| Devils Tower National
If Devils Tower National Monument looks familiar to you but you can't quite place it, perhaps you've seen Steven Spielberg's 1977 film "Close Encounters of the Third Kind". It was used as a location for the movie. A massive tapered stone column towering over 1,000 feet above the surrounding countryside, Devils Tower can be seen for miles and would be a perfect geo-beacon for alien spaceships. More likely, you've seen some of the beautiful scenic photographs taken over the years. Either way it is a sight you will not soon forget.
President Theodore Roosevelt designated Devils Tower as our first National Monument on September 24, 1906. It is located not far from Sundance, Wyoming in the northeast corner of Wyoming in the Black Hills overlooking the Belle Fourche River Valley. This granite formation stands 1267 feet tall with a diameter at the bottom of 1,000 feet and 275 feet at the top. The top is roughly the size and shape of a football field, covered with scrub grass and actually has small resident rodents that call it home. The elevation at the summit is 5,212 feet.
It has long been considered a
sacred site by many of the northern plains Indian
tribes. Some of those tribes referred to it as the
Bear's Lodge. One of the legends that surround
Devils Tower is that the vertical grooves in the
rock were placed there by a giant bear that was
chasing some Indian maidens. There were six major
tribes that had both cultural and geographic ties to
the area: Arapaho, Crow, Lakota, Cheyenne, Kiowa and
Shoshone. The National Park Service says that there
are over 20 tribes that have treated Devils Tower as
Holy Ground. For more information go to the National
Park Service web site.
Besides sightseeing, the major recreational activity at Devils Tower is mountain climbing. The first formal geological study of the monument in 1875 concluded that it was "inaccessible to anything without wings." It was almost another 20 years before two local ranchers - William Rogers and Willard Ripley - became the first to climb it.
They spent weeks pounding wooden pegs into a continuous crack on the southeast face and attaching wooden steps to them. On July 4, 1893 in front of 1,000 spectators, they ascended their makeshift ladder to the top and ran an American flag up a flagpole they had pre-staged there. Mountain climbing at Devils Tower was born. Roughly 5, 000 people climb it each year with only five deaths reported since 1893. Parts of the ladder used by Rogers and Ripley are still visible today.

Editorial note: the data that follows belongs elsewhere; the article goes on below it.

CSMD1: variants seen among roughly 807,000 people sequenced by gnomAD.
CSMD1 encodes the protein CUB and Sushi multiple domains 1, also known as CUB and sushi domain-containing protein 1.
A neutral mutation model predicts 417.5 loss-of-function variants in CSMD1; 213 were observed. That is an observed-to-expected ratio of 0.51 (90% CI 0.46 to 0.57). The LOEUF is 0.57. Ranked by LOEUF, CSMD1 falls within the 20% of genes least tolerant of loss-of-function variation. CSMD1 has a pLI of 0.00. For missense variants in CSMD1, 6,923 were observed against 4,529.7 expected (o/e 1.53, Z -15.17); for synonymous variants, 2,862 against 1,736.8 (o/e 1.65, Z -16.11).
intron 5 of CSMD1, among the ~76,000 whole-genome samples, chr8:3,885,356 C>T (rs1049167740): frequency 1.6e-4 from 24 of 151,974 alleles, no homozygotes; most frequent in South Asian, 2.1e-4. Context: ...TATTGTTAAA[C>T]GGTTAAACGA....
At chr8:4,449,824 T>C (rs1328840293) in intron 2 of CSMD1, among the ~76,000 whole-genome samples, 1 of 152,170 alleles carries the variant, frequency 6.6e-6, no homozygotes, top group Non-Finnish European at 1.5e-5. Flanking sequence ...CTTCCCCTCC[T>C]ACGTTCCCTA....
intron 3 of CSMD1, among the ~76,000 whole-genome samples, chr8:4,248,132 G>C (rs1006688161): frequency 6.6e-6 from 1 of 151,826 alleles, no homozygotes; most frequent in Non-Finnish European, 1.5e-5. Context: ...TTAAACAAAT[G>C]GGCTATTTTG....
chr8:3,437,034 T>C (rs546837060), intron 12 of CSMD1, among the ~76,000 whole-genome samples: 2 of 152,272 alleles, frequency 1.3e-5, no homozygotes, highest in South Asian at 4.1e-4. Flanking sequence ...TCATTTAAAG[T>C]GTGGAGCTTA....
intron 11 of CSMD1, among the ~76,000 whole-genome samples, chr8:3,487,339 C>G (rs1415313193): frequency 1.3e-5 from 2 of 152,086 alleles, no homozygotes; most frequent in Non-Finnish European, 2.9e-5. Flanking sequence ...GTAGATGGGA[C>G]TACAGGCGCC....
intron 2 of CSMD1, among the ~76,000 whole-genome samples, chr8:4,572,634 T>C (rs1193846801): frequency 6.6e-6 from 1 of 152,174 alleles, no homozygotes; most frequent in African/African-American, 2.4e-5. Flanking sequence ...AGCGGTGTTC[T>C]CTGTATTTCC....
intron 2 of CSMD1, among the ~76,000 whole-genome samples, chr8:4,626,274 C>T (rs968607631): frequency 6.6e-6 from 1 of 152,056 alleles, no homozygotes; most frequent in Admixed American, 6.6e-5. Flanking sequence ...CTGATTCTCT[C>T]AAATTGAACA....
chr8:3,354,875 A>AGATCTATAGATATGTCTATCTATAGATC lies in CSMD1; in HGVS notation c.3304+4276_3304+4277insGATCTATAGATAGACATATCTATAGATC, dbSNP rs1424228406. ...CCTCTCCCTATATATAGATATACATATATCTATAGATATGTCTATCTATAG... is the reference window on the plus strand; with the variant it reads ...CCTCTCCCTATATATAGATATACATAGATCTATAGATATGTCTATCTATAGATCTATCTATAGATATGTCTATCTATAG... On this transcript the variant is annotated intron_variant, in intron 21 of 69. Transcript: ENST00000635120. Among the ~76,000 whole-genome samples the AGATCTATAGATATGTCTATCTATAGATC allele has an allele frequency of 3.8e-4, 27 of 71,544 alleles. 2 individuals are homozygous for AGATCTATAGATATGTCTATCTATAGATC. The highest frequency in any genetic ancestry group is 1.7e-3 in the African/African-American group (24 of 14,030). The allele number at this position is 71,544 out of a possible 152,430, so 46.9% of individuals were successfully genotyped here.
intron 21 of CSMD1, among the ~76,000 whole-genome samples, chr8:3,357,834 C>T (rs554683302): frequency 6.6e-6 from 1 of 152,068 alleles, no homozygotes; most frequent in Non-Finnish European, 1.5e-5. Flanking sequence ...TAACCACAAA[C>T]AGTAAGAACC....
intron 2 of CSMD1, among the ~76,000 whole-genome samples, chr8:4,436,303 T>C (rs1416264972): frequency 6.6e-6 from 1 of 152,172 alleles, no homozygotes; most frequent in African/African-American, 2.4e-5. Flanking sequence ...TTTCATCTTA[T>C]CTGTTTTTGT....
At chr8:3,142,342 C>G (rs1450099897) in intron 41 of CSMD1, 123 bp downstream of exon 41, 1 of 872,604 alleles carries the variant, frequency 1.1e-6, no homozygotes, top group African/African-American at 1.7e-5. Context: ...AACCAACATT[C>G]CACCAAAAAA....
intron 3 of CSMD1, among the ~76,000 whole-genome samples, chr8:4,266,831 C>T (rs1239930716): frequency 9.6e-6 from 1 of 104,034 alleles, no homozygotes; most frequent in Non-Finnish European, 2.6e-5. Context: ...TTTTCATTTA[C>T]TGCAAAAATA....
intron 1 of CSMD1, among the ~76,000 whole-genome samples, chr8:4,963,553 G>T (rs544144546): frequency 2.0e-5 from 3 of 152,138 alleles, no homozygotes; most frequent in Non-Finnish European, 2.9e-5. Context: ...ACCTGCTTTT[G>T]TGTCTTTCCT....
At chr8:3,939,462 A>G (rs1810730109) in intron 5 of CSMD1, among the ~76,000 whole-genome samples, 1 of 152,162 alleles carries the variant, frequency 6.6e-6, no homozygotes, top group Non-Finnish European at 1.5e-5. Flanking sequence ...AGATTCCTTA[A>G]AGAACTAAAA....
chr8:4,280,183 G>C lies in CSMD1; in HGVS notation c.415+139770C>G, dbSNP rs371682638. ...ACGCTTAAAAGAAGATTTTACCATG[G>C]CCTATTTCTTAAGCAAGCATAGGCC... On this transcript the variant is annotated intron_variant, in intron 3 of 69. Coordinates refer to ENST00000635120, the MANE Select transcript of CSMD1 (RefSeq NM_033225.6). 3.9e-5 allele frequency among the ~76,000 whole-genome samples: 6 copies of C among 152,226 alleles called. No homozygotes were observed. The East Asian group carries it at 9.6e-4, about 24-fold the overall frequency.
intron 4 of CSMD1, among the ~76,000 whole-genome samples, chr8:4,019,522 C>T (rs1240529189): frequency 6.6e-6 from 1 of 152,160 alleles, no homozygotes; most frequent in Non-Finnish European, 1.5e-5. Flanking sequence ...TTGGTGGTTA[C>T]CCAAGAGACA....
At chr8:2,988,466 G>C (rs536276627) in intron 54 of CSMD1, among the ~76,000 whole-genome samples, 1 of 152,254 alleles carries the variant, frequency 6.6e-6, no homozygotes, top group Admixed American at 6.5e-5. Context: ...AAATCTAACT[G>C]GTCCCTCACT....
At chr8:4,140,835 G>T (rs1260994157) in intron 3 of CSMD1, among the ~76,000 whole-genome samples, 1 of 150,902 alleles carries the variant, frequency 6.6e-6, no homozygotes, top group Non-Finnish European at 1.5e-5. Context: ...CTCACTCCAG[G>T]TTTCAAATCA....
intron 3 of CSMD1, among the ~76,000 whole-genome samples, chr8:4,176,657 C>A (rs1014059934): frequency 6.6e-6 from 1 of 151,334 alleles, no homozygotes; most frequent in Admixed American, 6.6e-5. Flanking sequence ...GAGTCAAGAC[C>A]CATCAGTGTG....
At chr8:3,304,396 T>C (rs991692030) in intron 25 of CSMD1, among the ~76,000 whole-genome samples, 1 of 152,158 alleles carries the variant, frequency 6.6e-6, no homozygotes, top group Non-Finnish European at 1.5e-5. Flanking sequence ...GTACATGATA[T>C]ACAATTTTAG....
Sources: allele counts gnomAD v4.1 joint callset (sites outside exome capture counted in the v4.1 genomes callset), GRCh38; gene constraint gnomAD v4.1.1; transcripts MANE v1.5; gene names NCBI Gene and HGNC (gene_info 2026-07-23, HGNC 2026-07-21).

Climbing is big business with a number of climbing schools, clinics and guides available. There are many different routes to the top of varying difficulty. In keeping with the sanctity of the site, they have sacred names like Rock Suckers and Spank the Monkey.
In 1941, a man named George Hopkins parachuted on to the summit. He then had to wait six days to be rescued and was half-dead from exposure and dehydration when they got to him.
For those who are less adventuresome, there are two trails around the base of the tower. The Red Beds Trail is a three mile hike and there is a shorter 1.25 mile Base Trail. These hikes are worth taking as they bring you close to the tower and give you a different perspective of its majesty. They can be a bit strenuous with altitude and some short but steep grades. Be sure to allow sufficient time and take water with you. There's none on the trails.
There are camp sites available and a visitor's center but other than that, accommodations and creature comforts are pretty sparse. As with most National Parks and Monuments there are no traditional container geocaches on monument grounds. There is however a virtual geocache called "Devils Tower National Monument II". There are numerous geocaches in the surrounding area and nearby Black Hills. The "What A View" geocache takes you to a spectacular view of the monument and surrounding valley.
There are also three letterboxes in the area, part of a series placed there by a former resident. Letterboxes provide a list of clues and directions to follow to a cache instead of GPS coordinates and are a nice alternative to regular geocaching.
So if you are ever in the Black Hills, turn north at Sundance, Wyoming and follow the signs to Devils Tower. You can't miss it.
The GPS coordinates to the Visitor's Center are 44.590371, -104.720043. Click on the coordinates for an interactive Google map.
Enjoy....The Cachemanian Devils